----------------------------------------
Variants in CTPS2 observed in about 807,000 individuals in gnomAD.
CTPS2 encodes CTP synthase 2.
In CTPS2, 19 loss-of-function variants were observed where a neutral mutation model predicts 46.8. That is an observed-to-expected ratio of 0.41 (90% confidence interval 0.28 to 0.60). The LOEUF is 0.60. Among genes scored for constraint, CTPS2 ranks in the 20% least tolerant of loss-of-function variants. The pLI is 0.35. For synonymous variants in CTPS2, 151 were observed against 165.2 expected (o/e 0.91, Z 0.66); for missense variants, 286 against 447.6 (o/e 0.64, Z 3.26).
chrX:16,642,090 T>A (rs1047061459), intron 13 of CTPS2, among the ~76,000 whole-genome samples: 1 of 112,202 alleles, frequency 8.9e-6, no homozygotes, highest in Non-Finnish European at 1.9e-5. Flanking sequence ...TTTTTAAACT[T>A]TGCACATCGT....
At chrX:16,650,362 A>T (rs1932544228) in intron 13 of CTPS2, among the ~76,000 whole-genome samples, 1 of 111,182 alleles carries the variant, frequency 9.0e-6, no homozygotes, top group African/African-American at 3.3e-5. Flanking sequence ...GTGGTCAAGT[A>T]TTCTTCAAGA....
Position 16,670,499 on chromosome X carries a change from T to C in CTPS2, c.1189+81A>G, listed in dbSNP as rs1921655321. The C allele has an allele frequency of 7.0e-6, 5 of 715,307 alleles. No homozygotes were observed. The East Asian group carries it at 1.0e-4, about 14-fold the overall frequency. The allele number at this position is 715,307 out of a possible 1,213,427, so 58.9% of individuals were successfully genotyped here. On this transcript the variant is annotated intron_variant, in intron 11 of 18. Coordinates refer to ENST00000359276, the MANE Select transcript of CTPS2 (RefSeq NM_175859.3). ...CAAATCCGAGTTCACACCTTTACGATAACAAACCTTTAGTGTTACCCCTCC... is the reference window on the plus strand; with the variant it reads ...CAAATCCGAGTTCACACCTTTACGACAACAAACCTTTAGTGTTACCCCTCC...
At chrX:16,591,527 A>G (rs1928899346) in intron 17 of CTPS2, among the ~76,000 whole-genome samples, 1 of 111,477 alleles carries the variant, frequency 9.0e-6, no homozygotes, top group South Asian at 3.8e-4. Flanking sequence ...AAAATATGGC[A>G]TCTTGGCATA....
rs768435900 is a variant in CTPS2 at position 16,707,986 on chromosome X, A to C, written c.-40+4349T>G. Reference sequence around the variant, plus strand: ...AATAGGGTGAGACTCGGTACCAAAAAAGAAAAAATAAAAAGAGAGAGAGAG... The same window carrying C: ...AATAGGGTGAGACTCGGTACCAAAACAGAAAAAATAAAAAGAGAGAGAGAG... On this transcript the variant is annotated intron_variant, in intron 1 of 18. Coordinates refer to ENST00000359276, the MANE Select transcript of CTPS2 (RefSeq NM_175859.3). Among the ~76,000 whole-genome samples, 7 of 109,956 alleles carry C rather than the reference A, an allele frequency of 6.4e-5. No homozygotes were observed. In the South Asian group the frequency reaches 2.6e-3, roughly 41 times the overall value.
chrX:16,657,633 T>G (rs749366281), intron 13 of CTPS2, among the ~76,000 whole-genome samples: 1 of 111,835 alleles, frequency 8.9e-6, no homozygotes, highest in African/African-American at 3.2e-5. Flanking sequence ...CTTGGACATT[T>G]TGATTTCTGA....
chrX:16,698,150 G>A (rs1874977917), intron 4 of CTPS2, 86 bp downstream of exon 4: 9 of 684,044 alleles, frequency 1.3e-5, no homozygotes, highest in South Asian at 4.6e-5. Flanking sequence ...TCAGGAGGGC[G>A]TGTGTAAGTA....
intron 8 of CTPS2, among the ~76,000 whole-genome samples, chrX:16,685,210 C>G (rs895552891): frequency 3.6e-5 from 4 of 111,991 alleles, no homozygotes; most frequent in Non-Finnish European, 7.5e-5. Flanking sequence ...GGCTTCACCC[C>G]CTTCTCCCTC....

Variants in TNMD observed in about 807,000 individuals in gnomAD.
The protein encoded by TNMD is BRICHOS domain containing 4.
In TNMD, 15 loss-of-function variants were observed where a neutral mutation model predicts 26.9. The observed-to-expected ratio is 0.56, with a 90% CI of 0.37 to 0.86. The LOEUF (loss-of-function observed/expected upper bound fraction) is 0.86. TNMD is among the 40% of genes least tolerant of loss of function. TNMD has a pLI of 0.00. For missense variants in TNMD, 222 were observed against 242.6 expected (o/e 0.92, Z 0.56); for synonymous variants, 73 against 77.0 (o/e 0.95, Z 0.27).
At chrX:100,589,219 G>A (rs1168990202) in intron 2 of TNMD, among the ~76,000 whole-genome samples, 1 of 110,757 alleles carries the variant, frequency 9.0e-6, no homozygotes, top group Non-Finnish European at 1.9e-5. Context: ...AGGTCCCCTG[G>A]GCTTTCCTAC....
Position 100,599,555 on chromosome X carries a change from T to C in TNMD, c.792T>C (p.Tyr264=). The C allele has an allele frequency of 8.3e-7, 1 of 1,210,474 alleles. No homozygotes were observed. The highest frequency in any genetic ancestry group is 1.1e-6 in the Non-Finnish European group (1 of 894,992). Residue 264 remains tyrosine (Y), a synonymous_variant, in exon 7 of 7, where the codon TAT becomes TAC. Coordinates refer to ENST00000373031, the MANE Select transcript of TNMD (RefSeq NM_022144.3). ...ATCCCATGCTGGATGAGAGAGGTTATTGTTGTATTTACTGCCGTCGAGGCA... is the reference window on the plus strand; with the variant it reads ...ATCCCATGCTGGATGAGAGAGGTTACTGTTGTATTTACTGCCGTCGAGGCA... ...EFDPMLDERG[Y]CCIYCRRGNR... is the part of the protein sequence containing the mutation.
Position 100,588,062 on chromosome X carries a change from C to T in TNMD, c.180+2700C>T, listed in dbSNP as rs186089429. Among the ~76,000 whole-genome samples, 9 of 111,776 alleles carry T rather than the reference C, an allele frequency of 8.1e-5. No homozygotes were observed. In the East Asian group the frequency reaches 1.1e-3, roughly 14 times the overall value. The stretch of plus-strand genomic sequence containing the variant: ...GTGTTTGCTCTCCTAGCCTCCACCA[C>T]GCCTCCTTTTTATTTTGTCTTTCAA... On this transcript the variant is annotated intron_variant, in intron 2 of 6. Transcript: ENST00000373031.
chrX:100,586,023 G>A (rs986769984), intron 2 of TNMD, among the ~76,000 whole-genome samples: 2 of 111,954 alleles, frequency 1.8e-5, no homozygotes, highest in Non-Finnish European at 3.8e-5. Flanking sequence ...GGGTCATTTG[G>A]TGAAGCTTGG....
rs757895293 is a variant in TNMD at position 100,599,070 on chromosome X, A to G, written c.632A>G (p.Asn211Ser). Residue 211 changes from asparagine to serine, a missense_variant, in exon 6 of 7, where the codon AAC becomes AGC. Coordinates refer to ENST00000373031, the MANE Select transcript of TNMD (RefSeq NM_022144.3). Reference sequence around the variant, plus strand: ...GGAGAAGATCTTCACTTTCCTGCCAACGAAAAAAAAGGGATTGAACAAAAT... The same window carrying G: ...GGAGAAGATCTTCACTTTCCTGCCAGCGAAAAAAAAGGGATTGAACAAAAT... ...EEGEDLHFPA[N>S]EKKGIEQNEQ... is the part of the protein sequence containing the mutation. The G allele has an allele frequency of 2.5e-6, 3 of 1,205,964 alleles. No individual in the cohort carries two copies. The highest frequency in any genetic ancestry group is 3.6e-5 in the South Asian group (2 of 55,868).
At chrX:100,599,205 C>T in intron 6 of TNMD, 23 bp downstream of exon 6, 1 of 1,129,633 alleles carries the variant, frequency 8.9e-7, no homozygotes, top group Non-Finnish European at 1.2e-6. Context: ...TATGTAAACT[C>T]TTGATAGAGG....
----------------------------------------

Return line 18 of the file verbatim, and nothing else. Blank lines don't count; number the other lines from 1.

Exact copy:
chrX:100,586,023 G>A (rs986769984), intron 2 of TNMD, among the ~76,000 whole-genome samples: 2 of 111,954 alleles, frequency 1.8e-5, no homozygotes, highest in Non-Finnish European at 3.8e-5. Flanking sequence ...GGGTCATTTG[G>A]TGAAGCTTGG....